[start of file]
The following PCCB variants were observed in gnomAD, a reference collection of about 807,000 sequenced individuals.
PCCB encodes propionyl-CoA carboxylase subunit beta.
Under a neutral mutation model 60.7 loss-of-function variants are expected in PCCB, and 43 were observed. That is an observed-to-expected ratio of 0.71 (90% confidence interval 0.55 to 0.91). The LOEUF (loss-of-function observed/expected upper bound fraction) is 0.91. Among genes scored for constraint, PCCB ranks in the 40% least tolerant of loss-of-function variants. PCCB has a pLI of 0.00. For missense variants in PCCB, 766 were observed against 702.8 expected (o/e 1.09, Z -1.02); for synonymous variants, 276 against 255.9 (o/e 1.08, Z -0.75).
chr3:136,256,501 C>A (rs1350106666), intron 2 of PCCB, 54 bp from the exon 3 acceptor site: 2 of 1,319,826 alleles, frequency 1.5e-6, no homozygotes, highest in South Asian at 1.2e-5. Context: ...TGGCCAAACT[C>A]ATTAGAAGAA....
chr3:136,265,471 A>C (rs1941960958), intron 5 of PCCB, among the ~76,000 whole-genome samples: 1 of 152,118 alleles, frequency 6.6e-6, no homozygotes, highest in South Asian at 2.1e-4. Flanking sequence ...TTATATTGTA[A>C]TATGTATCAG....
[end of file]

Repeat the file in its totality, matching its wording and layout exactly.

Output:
The following PCCB variants were observed in gnomAD, a reference collection of about 807,000 sequenced individuals.
PCCB encodes propionyl-CoA carboxylase subunit beta.
Under a neutral mutation model 60.7 loss-of-function variants are expected in PCCB, and 43 were observed. That is an observed-to-expected ratio of 0.71 (90% confidence interval 0.55 to 0.91). The LOEUF (loss-of-function observed/expected upper bound fraction) is 0.91. Among genes scored for constraint, PCCB ranks in the 40% least tolerant of loss-of-function variants. PCCB has a pLI of 0.00. For missense variants in PCCB, 766 were observed against 702.8 expected (o/e 1.09, Z -1.02); for synonymous variants, 276 against 255.9 (o/e 1.08, Z -0.75).
chr3:136,256,501 C>A (rs1350106666), intron 2 of PCCB, 54 bp from the exon 3 acceptor site: 2 of 1,319,826 alleles, frequency 1.5e-6, no homozygotes, highest in South Asian at 1.2e-5. Context: ...TGGCCAAACT[C>A]ATTAGAAGAA....
chr3:136,265,471 A>C (rs1941960958), intron 5 of PCCB, among the ~76,000 whole-genome samples: 1 of 152,118 alleles, frequency 6.6e-6, no homozygotes, highest in South Asian at 2.1e-4. Flanking sequence ...TTATATTGTA[A>C]TATGTATCAG....